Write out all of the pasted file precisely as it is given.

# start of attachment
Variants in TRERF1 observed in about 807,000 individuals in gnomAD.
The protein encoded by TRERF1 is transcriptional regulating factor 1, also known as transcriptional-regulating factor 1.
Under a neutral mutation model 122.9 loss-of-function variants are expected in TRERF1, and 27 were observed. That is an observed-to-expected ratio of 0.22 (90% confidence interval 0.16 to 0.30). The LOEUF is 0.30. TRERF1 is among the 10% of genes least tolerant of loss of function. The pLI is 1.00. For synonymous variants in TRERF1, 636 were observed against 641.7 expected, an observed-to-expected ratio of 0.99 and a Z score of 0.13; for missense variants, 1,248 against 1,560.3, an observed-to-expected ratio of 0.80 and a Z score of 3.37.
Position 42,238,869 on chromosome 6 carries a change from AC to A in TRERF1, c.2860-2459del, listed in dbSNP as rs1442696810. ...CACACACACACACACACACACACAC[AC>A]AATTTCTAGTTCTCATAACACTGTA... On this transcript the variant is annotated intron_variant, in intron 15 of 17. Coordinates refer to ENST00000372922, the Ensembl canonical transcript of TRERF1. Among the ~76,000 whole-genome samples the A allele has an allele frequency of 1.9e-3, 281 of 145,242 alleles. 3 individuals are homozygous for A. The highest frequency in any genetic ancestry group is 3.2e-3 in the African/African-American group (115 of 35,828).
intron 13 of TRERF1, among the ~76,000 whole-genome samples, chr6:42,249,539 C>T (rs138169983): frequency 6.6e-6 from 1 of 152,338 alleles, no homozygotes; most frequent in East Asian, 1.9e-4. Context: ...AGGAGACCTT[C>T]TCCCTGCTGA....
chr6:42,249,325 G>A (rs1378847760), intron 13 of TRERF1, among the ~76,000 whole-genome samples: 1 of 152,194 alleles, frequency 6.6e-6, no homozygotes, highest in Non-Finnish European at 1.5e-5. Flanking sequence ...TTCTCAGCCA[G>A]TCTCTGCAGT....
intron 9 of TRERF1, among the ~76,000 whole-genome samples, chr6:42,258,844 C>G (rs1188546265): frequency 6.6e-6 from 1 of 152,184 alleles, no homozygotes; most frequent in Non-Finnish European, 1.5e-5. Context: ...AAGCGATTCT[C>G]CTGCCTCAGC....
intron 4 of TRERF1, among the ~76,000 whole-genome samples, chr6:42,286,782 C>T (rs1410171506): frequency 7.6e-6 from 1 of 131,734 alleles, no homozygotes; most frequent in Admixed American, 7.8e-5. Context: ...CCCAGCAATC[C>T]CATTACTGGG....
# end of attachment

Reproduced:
Variants in TRERF1 observed in about 807,000 individuals in gnomAD.
The protein encoded by TRERF1 is transcriptional regulating factor 1, also known as transcriptional-regulating factor 1.
Under a neutral mutation model 122.9 loss-of-function variants are expected in TRERF1, and 27 were observed. That is an observed-to-expected ratio of 0.22 (90% confidence interval 0.16 to 0.30). The LOEUF is 0.30. TRERF1 is among the 10% of genes least tolerant of loss of function. The pLI is 1.00. For synonymous variants in TRERF1, 636 were observed against 641.7 expected, an observed-to-expected ratio of 0.99 and a Z score of 0.13; for missense variants, 1,248 against 1,560.3, an observed-to-expected ratio of 0.80 and a Z score of 3.37.
Position 42,238,869 on chromosome 6 carries a change from AC to A in TRERF1, c.2860-2459del, listed in dbSNP as rs1442696810. ...CACACACACACACACACACACACAC[AC>A]AATTTCTAGTTCTCATAACACTGTA... On this transcript the variant is annotated intron_variant, in intron 15 of 17. Coordinates refer to ENST00000372922, the Ensembl canonical transcript of TRERF1. Among the ~76,000 whole-genome samples the A allele has an allele frequency of 1.9e-3, 281 of 145,242 alleles. 3 individuals are homozygous for A. The highest frequency in any genetic ancestry group is 3.2e-3 in the African/African-American group (115 of 35,828).
intron 13 of TRERF1, among the ~76,000 whole-genome samples, chr6:42,249,539 C>T (rs138169983): frequency 6.6e-6 from 1 of 152,338 alleles, no homozygotes; most frequent in East Asian, 1.9e-4. Context: ...AGGAGACCTT[C>T]TCCCTGCTGA....
chr6:42,249,325 G>A (rs1378847760), intron 13 of TRERF1, among the ~76,000 whole-genome samples: 1 of 152,194 alleles, frequency 6.6e-6, no homozygotes, highest in Non-Finnish European at 1.5e-5. Flanking sequence ...TTCTCAGCCA[G>A]TCTCTGCAGT....
intron 9 of TRERF1, among the ~76,000 whole-genome samples, chr6:42,258,844 C>G (rs1188546265): frequency 6.6e-6 from 1 of 152,184 alleles, no homozygotes; most frequent in Non-Finnish European, 1.5e-5. Context: ...AAGCGATTCT[C>G]CTGCCTCAGC....
intron 4 of TRERF1, among the ~76,000 whole-genome samples, chr6:42,286,782 C>T (rs1410171506): frequency 7.6e-6 from 1 of 131,734 alleles, no homozygotes; most frequent in Admixed American, 7.8e-5. Context: ...CCCAGCAATC[C>T]CATTACTGGG....